Monday, March 02, 2009

Who Controls the R's? A Fun Fight

Michael Steele, aka the head of the Republican National Committee said that Rush L... was an entertainer..and that he, Steele was the head of the Republican Party.

Ah - but Mr L. called him out on that claim and said he was not - he was only head of the Committee....not the party.

Guess who hung the white I give up flag first? yEs - Mr. Steel called Mr L and apologized...

Now we know definitively that Rush IS the head of the Republican Party and that his dittoheads will continue to make sure that we all know who is in charge !

Talk about internal fighting - the alleged media is not that interested in this - they only pay attention when D's have internal strife...

But I?- I plan on laughing at how they will all kowtow to Rush who will now be calling the shots for the next election cycles....[using that 22% of the population to scream loudly that they represent the American public :D:D:D]

Update with videos: you can't make this stuff up : -)

Sunday, March 01, 2009

Guest Post: About communication

I started a conversation on Twitter with David Sonnen - but as you might know, Twitter only allows 140 characters - so we continued the conversation in emails.

I had asked him, as I have asked you here, why R's behave as they do and continue to advocate their same failed policies to the 22% who still follow them...and ignore the rest of the country.

Comment away readers....

His reply:

Communicating has gotten complicated: Internet, blogs, Twitter, social nets, email, cell phone, eArticles, eJournals, and the occasional face2face... We've just started to fathom the impacts on culture, social structure and cognition. Can we make sense of all this new stuff? Maybe a little.

History, I think, is instructive. Every time folks invent a significant new way to communicate or a significant new way to perceive, human culture changes significantly. Examples. Communications: written language, paper, movable type, telegraph, telephone, radio, television, Internet. Perception: telescope, microscope, chronometer, oscilloscope, x-ray, various tomographies, radar, sonar, genome processing, and a much, much longer list.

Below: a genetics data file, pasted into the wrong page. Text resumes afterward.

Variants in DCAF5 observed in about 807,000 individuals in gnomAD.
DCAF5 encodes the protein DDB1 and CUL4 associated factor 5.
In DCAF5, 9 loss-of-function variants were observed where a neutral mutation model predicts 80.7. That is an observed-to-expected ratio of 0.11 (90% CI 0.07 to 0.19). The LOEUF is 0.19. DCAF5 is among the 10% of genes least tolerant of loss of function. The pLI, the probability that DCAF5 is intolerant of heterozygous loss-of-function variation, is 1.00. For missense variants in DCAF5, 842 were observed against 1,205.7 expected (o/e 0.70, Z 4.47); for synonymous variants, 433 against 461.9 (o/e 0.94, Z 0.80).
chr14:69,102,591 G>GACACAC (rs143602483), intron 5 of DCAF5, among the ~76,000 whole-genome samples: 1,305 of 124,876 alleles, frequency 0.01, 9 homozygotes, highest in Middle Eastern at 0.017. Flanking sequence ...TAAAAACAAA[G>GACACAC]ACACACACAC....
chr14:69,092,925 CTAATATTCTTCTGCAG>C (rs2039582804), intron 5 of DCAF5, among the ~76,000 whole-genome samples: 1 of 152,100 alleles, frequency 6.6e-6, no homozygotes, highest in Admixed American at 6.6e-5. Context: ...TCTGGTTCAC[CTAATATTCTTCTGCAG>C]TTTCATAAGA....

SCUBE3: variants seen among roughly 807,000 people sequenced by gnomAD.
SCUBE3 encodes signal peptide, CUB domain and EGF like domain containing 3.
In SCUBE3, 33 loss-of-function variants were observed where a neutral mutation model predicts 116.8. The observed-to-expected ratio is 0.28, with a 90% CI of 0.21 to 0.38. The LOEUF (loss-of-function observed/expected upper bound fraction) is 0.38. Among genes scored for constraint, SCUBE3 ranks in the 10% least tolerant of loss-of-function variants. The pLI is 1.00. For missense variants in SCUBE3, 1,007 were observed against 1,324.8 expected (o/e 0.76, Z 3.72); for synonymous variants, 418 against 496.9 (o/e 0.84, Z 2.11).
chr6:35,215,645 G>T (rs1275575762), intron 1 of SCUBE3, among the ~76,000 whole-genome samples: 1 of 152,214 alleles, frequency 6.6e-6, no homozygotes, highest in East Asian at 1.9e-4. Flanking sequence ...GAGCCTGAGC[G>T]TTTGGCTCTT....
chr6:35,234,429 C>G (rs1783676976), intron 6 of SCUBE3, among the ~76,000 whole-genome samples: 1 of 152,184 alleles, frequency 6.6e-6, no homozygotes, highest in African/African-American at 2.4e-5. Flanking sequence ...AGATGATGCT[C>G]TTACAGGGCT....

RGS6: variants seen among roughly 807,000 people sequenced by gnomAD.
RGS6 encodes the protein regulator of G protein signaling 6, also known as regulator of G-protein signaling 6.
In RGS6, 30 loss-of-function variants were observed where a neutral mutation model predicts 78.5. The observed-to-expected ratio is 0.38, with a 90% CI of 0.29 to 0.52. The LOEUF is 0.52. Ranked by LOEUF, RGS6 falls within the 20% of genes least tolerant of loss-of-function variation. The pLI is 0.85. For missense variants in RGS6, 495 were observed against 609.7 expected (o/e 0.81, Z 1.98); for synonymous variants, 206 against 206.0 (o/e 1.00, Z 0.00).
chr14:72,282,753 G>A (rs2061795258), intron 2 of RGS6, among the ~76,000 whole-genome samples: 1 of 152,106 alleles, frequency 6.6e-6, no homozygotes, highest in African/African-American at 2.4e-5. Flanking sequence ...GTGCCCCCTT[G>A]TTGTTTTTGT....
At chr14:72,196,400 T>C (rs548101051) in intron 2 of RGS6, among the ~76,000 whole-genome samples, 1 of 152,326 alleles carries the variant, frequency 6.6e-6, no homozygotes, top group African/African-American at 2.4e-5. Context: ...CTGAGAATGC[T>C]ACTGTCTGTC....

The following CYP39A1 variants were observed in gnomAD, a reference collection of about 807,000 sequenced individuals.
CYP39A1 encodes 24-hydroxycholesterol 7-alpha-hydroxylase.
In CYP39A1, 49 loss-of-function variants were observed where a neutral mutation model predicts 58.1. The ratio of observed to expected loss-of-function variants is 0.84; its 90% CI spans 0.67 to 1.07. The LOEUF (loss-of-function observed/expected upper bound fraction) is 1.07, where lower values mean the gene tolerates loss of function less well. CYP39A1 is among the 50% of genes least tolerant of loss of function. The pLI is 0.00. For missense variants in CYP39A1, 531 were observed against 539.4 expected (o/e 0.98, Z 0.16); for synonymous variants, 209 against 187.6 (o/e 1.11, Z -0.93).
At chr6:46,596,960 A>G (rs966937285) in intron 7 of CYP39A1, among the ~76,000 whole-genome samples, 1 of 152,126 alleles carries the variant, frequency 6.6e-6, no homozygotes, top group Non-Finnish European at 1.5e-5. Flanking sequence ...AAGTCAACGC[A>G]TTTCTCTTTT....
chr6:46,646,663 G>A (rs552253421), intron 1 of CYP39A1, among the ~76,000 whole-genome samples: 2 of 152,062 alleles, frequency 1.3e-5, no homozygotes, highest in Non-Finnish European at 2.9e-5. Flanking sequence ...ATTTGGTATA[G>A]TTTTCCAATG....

Each time one of these new phenomena comes along, a new class of experts arises (E.g.: Scribes for written language and paper). Then, if the invention proves broadly useful, it eventually blends into the invisible cultural infrastructure. Experts become less relevant or change roles. The new exciting/threatening invention becomes "normal". We adapt our common myths and rituals to the new normal, and go on.

Digital communication/ Internet is maturing to the point it's blending into our normal infrastructure. So, we use it to do things that are just normal -- chat, exchange ideas, form communities, gossip, explore each other. (Note: these are all very much 2-way communications.)

We can do these normal, 2-way things with just about anyone, anywhere, any time at velocities close to the speed of light. And, we can use information generated by all manner of extended perceptions. Example: Check out the video at .

I think that the next generation will probably have a pretty good handle on all this, but right now, I feel like I'm the other side of Alice's looking glass. (It is quite an interesting and exciting place, but weird.)

This ramble might bring us to the R's situation. Seems to me, that the R's mastered the use of 1-way broadcast media to polarize groups of people around perceived issues. They were quite successful at a simple technique: Stay on message, Ignore problems, Crush dissent. While the technique is ancient, the R's refined the use of broadcast media to appeal to a large mix of people with their simple message -- Regulation is bad, Tax cuts are good, Individuals are better than government at everything, People with other values are evil. They were successful at creating a perceived reality for a long while.

Folks like Rush and Ann Coulter have mastered the R technique and all of its deep cultural appeal. The R message has proven to represent a failed philosophy to about 75% of the people, but that doesn't matter to folks like Rush and Ann. They still have 22% or so who are true believers. And that's one of the R's big problems: 22% is a huge number of customers.

Rush, Ann and associates can whip their 22% into a frenzy over just about anything they want with what you've titled, "vile commentary". Those folks will rant, demonstrate, and contribute to the R cause. They will also listen to the ads on Rush and Ann's programs and buy stuff. Rush and Ann make literally millions selling ads and the R's get an audience that affirms their (failed) philosophy. Everybody is happy and homogeneously on message.

Except, of course, the 75% or so of the public that thinks the Rs and their friends are, at best, irrelevant and at worst, dangerous nut cases.

Now, the D's are starting to understand the powerful difference between 1-way and 2-way digital communications. Also, an important minority of the 75% majority are getting really involved in digital, 2-way politics, quite independently of the D's or the Government. One result, so far, seems to be that the diverse, off-message majority is marginalizing the R gang. Another result is that a bunch of smart folks have risen from apathy to activism.

Bob Dylan sums it up nicely: here
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